Details Of Marks In Civil Service Examination Can’t Be Disclosed Mechanically Under RTI [Read Order]

Details Of Marks In Civil Service Examination Can’t Be Disclosed Mechanically Under RTI [Read Order]

If a case is made out where the court finds that public interest requires furnishing of information, the court is certainly entitled to so require in a given fact situation. If rules or practice so require, certainly such rule or practice can be enforced, said the Bench.


The Supreme Court, in UPSC v Angesh Kumar, while setting aside a high court judgment has observed that information sought with regard to details of marks in Civil Services Exam cannot be directed to be furnished mechanically.

Some candidates, who were unsuccessful in the Civil Services (Prelims) Examination, had approached the high court seeking a direction to the Union Public Service Commission (UPSC) to disclose the details of marks (raw and scaled) awarded to them in the Civil Services (Prelims) Examination 2010. They had sought information in the form of cut-off marks for every subject, scaling methodology, model answers and complete result of all candidates were also sought. The high court had allowed their plea directing the commission to provide the information within 15 days. The commission approached the apex court assailing this order.

The commission contended before the apex court that where information is likely to conflict with other public interest, including efficient operation of the government, optimum use of fiscal resources and preservation of confidentiality of some sensitive information, exclusion of right or information can be applied in a given fact situation. It also submitted that the exclusion by sections 8, 9 and 11 of the RTI Act is not exhaustive and parameters under third recital of the preamble of the Act can also be taken into account.

Third recital of the Preamble of the Act reads: “And whereas revelation of information in actual practice is likely to conflict with other public interests including efficient operations of the Governments, optimum use of limited fiscal resources and the preservation of confidentiality of sensitive information.”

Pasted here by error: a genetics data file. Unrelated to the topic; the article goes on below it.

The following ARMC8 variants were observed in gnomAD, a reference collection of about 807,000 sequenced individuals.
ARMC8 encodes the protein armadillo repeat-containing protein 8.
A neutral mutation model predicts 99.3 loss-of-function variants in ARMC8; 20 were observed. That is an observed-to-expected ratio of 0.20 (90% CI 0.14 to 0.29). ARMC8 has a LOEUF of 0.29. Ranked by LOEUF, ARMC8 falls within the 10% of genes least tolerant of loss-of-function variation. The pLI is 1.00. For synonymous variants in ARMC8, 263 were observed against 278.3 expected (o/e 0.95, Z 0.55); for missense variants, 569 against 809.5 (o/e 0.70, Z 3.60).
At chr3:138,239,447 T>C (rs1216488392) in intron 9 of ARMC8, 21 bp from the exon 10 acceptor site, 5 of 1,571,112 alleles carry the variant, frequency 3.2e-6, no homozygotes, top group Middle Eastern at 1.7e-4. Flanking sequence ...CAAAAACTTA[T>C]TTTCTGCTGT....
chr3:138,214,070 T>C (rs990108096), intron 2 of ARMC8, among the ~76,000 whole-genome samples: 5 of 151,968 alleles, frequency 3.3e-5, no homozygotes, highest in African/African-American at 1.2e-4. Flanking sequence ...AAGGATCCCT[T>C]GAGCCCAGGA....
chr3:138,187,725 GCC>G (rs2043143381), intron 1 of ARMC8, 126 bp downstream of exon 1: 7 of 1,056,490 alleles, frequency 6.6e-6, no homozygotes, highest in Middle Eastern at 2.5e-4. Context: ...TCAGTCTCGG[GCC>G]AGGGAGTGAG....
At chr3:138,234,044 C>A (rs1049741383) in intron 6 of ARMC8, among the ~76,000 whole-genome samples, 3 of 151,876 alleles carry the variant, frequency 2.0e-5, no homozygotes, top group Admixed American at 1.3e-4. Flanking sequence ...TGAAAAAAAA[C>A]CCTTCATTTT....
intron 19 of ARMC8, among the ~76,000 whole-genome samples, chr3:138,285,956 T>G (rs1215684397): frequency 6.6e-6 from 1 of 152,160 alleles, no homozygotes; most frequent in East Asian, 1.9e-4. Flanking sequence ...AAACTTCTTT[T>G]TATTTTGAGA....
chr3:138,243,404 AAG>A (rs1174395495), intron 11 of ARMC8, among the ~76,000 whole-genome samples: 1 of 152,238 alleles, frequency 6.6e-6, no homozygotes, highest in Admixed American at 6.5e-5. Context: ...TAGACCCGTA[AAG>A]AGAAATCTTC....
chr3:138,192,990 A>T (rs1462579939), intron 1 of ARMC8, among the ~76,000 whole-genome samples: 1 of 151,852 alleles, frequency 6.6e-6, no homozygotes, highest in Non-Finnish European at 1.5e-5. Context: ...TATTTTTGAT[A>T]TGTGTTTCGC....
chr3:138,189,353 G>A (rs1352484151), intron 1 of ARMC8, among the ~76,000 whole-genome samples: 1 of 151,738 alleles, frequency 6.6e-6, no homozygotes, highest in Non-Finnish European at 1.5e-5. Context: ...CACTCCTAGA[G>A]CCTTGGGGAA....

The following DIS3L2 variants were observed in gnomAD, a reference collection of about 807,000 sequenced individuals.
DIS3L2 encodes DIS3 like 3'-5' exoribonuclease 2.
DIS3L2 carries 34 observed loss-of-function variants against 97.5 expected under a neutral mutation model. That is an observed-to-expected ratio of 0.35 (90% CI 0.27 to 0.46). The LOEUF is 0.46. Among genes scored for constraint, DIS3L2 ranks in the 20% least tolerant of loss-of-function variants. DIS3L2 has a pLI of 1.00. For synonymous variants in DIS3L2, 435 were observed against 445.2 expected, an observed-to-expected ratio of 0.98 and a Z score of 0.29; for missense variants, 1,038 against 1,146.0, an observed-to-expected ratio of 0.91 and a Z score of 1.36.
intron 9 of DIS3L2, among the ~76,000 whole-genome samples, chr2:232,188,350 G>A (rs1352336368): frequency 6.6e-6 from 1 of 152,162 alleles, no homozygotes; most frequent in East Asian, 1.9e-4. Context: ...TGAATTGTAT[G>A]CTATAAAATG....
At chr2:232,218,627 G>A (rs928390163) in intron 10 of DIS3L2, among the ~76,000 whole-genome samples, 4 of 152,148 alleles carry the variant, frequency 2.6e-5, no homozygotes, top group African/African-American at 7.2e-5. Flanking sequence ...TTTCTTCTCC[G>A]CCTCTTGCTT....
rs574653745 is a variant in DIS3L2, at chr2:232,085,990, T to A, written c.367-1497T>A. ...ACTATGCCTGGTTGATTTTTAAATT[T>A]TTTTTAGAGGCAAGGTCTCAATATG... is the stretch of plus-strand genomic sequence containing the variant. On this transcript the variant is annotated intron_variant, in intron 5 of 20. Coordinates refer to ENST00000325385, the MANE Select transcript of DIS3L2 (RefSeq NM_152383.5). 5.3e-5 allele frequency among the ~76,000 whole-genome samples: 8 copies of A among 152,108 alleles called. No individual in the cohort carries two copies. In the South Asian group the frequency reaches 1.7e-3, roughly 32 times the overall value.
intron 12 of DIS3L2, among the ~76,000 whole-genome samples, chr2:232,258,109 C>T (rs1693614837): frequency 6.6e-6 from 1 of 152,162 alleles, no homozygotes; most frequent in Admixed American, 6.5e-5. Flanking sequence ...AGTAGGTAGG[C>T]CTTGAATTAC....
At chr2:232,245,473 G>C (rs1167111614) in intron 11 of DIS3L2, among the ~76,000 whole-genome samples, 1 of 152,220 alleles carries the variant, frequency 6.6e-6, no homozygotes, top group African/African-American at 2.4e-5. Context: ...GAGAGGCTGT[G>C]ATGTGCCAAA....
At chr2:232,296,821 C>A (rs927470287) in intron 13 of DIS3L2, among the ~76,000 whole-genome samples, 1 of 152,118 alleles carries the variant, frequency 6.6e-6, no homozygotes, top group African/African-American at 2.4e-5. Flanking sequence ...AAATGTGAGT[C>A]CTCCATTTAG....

With regard to this contention, the bench of Justice AK Goel and Justice UU Lalit observed: “While balancing the right to information, public interest including efficient working of the Government, optimum use of fiscal resources and preservation of confidentiality of sensitive information has to be balanced and can be a guiding factor to deal with a given situation de hors Sections 8, 9 and 11. The High Court has not applied the said parameters.”

The bench also observed that weighing the need for transparency and accountability on the one hand and requirement of optimum use of fiscal resources and confidentiality of sensitive information on the other, the information sought with regard to marks in Civil Services Exam cannot be directed to be furnished mechanically.

“Situation of exams of other academic bodies may stand on different footing. Furnishing raw marks will cause problems as pleaded by the UPSC as quoted above which will not be in public interest,” the bench observed while setting aside the high court order.

However, the bench also clarified that if a case is made out where the court finds that public interest requires furnishing of information, the court is certainly entitled to so require in a given fact situation. If rules or practice so require, certainly such rule or practice can be enforced, the bench added.

Read the Order Here